1 cup chopped yellow onion
1 (14.5 ounce) can diced tomatoes
1 teaspoon chili powder
1 teaspoon smoked Spanish paprika (optional—my addition to Hurst’s original recipe)
Juice of 1 lemon
1-2 cloves garlic, minced
1 large ham shank* or smoked sausage (leftover ham bone from the holidays works great too!)

Quick cook method: Rinse and drain dry beans, reserving enclosed flavor packet for later use. Place rinsed beans in a large pot with 10 cups water. Bring to a boil, then reduce heat, cover, and simmer for 1½ hours. Stir occasionally. After boiling, add onion, diced tomatoes, chili powder, lemon juice, garlic, and ham shank (or sausage). Stir. Bring back to a rapid boil, and then reduce heat and simmer for 45 minutes. Remove ham shank (or sausage) and let cool on plate. Stir in reserved flavor packet. Once ham shank is cool enough to handle, pull meat off bone, cutting away cartilage and membranes, and dice meat. Add meat back into soup. If using sausage, dice and stir into soup.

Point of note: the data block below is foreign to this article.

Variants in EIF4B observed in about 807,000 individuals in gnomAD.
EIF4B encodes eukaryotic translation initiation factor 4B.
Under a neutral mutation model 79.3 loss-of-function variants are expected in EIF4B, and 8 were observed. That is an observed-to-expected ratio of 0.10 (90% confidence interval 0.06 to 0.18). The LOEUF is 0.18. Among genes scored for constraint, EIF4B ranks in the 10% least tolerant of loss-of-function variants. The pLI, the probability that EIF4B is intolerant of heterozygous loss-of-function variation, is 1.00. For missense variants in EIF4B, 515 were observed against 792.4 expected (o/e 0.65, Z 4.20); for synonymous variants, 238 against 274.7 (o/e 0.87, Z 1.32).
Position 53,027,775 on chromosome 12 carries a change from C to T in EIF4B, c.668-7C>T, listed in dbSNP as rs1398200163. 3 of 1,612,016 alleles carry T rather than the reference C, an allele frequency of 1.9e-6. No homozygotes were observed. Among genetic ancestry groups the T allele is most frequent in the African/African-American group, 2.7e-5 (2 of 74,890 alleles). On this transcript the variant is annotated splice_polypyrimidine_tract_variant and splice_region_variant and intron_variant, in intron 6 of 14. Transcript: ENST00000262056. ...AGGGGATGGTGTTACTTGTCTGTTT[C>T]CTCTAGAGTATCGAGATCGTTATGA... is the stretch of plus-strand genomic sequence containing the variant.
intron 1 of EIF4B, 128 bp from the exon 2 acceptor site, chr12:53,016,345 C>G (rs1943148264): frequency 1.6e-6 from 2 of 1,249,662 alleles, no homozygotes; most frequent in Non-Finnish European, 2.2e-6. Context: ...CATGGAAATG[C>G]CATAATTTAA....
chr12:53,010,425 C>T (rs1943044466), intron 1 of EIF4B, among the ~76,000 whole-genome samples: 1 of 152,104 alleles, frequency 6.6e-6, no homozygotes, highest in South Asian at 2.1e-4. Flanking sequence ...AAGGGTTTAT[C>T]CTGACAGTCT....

*NOTE: Sometimes I have trouble finding ham shanks, so ask your butcher for help if you can’t find them. If you can’t find the ham shank, try it with the sausage. I’ve never tried this recipe with smoked sausage, but I’m sure it would be delicious as well.

Flourless Fudge Chocolate Chip Cookies